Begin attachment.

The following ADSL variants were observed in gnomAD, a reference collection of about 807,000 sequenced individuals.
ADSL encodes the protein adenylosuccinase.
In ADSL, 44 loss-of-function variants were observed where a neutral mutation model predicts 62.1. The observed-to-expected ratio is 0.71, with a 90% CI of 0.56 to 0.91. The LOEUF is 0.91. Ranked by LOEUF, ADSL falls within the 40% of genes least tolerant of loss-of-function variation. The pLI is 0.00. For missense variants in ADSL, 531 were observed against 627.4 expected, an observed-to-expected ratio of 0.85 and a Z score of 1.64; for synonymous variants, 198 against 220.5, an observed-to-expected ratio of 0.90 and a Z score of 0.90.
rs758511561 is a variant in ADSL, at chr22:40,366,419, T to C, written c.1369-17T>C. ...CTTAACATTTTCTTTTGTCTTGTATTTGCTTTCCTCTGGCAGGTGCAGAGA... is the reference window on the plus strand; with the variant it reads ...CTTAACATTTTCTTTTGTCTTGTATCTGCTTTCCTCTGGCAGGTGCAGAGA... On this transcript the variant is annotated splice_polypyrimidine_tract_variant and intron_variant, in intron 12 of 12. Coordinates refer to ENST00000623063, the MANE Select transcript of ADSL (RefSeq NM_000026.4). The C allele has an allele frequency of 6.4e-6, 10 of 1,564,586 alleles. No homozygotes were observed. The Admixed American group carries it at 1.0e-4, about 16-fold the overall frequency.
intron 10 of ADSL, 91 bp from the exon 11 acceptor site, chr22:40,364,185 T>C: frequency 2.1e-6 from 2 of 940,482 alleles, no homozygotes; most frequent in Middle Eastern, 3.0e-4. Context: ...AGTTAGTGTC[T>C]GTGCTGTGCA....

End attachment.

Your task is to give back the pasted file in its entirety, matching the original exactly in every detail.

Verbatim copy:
The following ADSL variants were observed in gnomAD, a reference collection of about 807,000 sequenced individuals.
ADSL encodes the protein adenylosuccinase.
In ADSL, 44 loss-of-function variants were observed where a neutral mutation model predicts 62.1. The observed-to-expected ratio is 0.71, with a 90% CI of 0.56 to 0.91. The LOEUF is 0.91. Ranked by LOEUF, ADSL falls within the 40% of genes least tolerant of loss-of-function variation. The pLI is 0.00. For missense variants in ADSL, 531 were observed against 627.4 expected, an observed-to-expected ratio of 0.85 and a Z score of 1.64; for synonymous variants, 198 against 220.5, an observed-to-expected ratio of 0.90 and a Z score of 0.90.
rs758511561 is a variant in ADSL, at chr22:40,366,419, T to C, written c.1369-17T>C. ...CTTAACATTTTCTTTTGTCTTGTATTTGCTTTCCTCTGGCAGGTGCAGAGA... is the reference window on the plus strand; with the variant it reads ...CTTAACATTTTCTTTTGTCTTGTATCTGCTTTCCTCTGGCAGGTGCAGAGA... On this transcript the variant is annotated splice_polypyrimidine_tract_variant and intron_variant, in intron 12 of 12. Coordinates refer to ENST00000623063, the MANE Select transcript of ADSL (RefSeq NM_000026.4). The C allele has an allele frequency of 6.4e-6, 10 of 1,564,586 alleles. No homozygotes were observed. The Admixed American group carries it at 1.0e-4, about 16-fold the overall frequency.
intron 10 of ADSL, 91 bp from the exon 11 acceptor site, chr22:40,364,185 T>C: frequency 2.1e-6 from 2 of 940,482 alleles, no homozygotes; most frequent in Middle Eastern, 3.0e-4. Context: ...AGTTAGTGTC[T>C]GTGCTGTGCA....